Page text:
The only negative is on you because you may not have the resources to pay off the loan or refinance in order to keep the house when he eventually passes away; especially in this current economy. Since it is a negative amortization loan, each month that your grandfather does not make a monthly mortgage payment, the loan balance gets bigger. However, do you have the resources now to help your grandfather pay his bills and remain independent so he does not have to take out a loan or sell his home?

    Source(s): I specialize in reverse mortgages (CA)
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  • John M
    Lv 7
    9 years ago

    It's like a loan, only you don't make any payments. You can get a lump sum or monthly income from the reverse mortgage. The lender agrees to an amount and there is an interest rate associated with it that accrues as long as the person is in the home (defined by not living away for more than 364 consecutive days) on whatever portion of the money has been disbursed.

    When he dies or moves away, the house is sold and the proceeds of the sale go to pay off the loan. Then owner or his heirs get whatever money is remaining from the sale. If the person lives longer than expected and the house doesn't sell for enough to cover the loan, the lender forgoes the loss.

    These can be an okay deal for certain people, depending on their other sources of income and their health etc. The main benefit is the pooling of risk that they outlive the money they could get in a regular loan or by selling the house to an investor and renting it back as a condition of sale.

  • 9 years ago

    Do NOT have your grandfather do a reverse mortgage on his home they are one of the worse financial tricks in the Real Estate book. The companies will give him money in exchange for ownership to his home when he passes away. Yes, you could buy the home back but at very high fees. Instead have your grandfather use the equity in his home and get a small home loan and pay off all his bills be sure the interest rate is the lowest he is qualified for. Many Reverse Mortgage Companies will prey on elderly people making it sound great to get money for your home now and not have any payments but then the home is no longer owned by them, they do get to live there only until they pass away. Then the reverse mortgage company comes in and takes the home. Sneaky, but legal to do. A home equity loan would be 100% better.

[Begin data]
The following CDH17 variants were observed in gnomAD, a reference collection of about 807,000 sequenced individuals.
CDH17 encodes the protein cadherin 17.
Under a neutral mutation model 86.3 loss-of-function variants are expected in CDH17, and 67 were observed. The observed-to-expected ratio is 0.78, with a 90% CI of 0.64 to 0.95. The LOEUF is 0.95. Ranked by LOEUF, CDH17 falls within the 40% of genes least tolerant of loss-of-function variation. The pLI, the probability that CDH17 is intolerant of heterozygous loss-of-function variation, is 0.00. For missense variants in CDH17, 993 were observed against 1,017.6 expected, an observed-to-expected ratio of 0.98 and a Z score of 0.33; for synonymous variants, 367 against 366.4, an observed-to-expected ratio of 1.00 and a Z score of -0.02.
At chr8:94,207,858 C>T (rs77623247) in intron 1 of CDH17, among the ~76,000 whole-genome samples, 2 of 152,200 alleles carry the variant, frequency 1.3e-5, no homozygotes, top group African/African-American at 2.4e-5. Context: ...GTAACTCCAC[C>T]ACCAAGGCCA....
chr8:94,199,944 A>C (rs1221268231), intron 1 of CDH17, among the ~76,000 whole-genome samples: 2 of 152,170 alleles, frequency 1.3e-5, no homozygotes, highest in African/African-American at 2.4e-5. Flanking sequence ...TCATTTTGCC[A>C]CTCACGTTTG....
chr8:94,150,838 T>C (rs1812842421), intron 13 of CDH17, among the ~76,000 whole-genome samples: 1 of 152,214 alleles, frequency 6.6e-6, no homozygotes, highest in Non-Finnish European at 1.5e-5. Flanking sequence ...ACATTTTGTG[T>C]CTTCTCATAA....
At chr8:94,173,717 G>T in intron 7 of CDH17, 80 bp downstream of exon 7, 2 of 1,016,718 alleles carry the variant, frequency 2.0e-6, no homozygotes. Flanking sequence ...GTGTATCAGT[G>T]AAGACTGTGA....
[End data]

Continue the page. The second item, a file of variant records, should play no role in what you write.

Source(s): Real Estate Tycoon and Investor
    • Darla3 years agoReport

      A reverse mortgage has nothing to do with a trick in the Real Estate Book as there is real estate agent involved in the mortgage process. It has to do with bank lending.

  • 3 years ago

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  • Anonymous
    9 years ago

    As stated above, this gets reconciled when your grandfather dies or moves from the home.

    If the house is sold and is worth more than the money owed, the estate gets the remaining money.

    If the house is sold and is worth less than the money owed, the lender will issue a 1099-A. The estate will owe income tax on the amount owed. If there are enough other assets to pay the income tax, the estate (or heirs) have to pay.

    If the house is not sold, the estate must use other assets to pay off the debt. If the estate negotiates with the lender to pay less than what is owed, a 1099-C is issued.

  • 9 years ago

    Time to get involved.

    Reverse mortgages are one of the worst financial mistakes are person can make.

    Please start reading - everything you can find on the subject.

    And not from sites that sell and push them either.

    Better option:

    Sell the home, and move to a very cheap apartment that he can afford.

    If he is bad with money - take the house money and set him up an annuity...

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    4 years ago